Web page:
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Allele-specific methylation at the IGF2R DMR.(A) 27 informative in vivo individuals, and (B) 28 informative in vitro individuals. P/M represents the DNA methylation ratio between paternal and maternal alleles (see text). Each individual is represented as vertical data-set of P/M ratios from cord blood, cord and five sections of placenta. Individuals were ranked based on the degree of scatter (intra-individual variation) observed.
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pgen-1001033-g003: Allele-specific methylation at the IGF2R DMR.(A) 27 informative in vivo individuals, and (B) 28 informative in vitro individuals. P/M represents the DNA methylation ratio between paternal and maternal alleles (see text). Each individual is represented as vertical data-set of P/M ratios from cord blood, cord and five sections of placenta. Individuals were ranked based on the degree of scatter (intra-individual variation) observed.

Mentions: Although preferential methylation of the presumed maternal allele was observed in almost all individuals (Figure 3), the distribution of paternal/maternal (P/M) methylation ratios at the IGF2R DMR in cord blood and cord showed that most individuals have an easily measurable level of methylation at the CpG within the NotI cleavage site on the presumed paternal allele (P/M>0.1, Figure 3), as has also been observed previously in peripheral blood from the CEPH families [28].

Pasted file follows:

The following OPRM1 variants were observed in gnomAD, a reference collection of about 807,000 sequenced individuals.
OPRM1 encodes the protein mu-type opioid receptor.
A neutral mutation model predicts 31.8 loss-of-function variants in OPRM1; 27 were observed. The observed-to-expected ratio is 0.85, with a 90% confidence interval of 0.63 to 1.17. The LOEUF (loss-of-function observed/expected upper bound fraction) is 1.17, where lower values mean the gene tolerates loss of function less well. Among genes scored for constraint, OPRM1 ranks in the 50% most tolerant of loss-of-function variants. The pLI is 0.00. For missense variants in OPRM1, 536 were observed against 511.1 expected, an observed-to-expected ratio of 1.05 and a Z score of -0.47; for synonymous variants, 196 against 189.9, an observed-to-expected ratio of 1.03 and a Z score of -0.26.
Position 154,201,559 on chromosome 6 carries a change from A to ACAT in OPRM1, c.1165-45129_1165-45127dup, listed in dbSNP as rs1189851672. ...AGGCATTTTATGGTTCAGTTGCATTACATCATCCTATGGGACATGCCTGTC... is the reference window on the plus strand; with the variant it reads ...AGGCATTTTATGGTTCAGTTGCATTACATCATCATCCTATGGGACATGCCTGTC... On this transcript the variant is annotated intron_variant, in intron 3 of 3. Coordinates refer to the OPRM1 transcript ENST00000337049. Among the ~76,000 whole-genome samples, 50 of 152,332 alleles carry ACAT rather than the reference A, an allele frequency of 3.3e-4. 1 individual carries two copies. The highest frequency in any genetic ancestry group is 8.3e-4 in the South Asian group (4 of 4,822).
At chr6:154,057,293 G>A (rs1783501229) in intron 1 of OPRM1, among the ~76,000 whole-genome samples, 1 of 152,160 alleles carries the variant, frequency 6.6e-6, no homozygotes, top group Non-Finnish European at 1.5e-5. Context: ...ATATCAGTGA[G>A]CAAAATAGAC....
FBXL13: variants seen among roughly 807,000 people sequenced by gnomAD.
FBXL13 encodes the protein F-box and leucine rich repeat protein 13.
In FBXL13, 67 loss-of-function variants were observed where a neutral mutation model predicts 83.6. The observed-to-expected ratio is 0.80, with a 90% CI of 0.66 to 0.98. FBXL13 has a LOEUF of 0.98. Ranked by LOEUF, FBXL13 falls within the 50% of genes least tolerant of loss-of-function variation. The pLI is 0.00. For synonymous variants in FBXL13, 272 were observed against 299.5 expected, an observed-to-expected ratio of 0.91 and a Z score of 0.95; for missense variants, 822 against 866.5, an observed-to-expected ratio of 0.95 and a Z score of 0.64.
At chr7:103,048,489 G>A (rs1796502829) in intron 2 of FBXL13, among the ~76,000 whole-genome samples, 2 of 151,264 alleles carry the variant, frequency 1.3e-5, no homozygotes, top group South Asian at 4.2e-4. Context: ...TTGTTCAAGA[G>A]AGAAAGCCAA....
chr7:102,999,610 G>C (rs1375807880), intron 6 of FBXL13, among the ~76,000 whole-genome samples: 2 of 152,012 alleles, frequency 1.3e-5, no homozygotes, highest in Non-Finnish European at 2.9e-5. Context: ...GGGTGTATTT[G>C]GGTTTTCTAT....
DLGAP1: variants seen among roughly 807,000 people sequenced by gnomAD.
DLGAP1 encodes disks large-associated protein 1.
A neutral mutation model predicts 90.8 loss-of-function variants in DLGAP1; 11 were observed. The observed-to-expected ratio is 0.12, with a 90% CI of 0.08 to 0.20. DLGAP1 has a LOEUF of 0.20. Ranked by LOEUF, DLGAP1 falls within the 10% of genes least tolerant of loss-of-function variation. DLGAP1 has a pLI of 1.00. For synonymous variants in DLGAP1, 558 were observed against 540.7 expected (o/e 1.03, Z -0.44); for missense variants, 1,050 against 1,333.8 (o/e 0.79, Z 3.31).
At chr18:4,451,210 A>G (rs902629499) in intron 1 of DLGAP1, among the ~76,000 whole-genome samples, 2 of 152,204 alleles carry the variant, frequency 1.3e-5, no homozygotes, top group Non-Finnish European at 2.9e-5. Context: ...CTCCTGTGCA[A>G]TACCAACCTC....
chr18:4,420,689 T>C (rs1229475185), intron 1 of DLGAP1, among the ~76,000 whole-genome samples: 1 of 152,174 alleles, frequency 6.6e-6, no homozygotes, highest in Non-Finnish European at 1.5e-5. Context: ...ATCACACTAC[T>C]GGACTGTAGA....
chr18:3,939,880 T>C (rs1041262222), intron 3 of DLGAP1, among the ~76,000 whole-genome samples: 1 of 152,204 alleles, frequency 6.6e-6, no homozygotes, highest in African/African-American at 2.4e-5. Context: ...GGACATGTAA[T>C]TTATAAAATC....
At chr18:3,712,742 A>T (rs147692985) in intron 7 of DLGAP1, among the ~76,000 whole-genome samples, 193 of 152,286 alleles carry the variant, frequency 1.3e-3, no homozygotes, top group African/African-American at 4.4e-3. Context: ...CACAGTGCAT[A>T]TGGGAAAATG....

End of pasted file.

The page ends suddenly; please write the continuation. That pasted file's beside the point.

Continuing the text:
Inter- and intra-individual variation in allele-specific DNA methylation and gene expression in children conceived using assisted reproductive technology.

Turan N, Katari S, Gerson LF, Chalian R, Foster MW, Gaughan JP, Coutifaris C, Sapienza C - PLoS Genet. (2010)

Allele-specific methylation at the IGF2R DMR.(A) 27 informative in vivo individuals, and (B) 28 informative in vitro individuals. P/M represents the DNA methylation ratio between paternal and maternal alleles (see text). Each individual is represented as vertical data-set of P/M ratios from cord blood, cord and five sections of placenta. Individuals were ranked based on the degree of scatter (intra-individual variation) observed.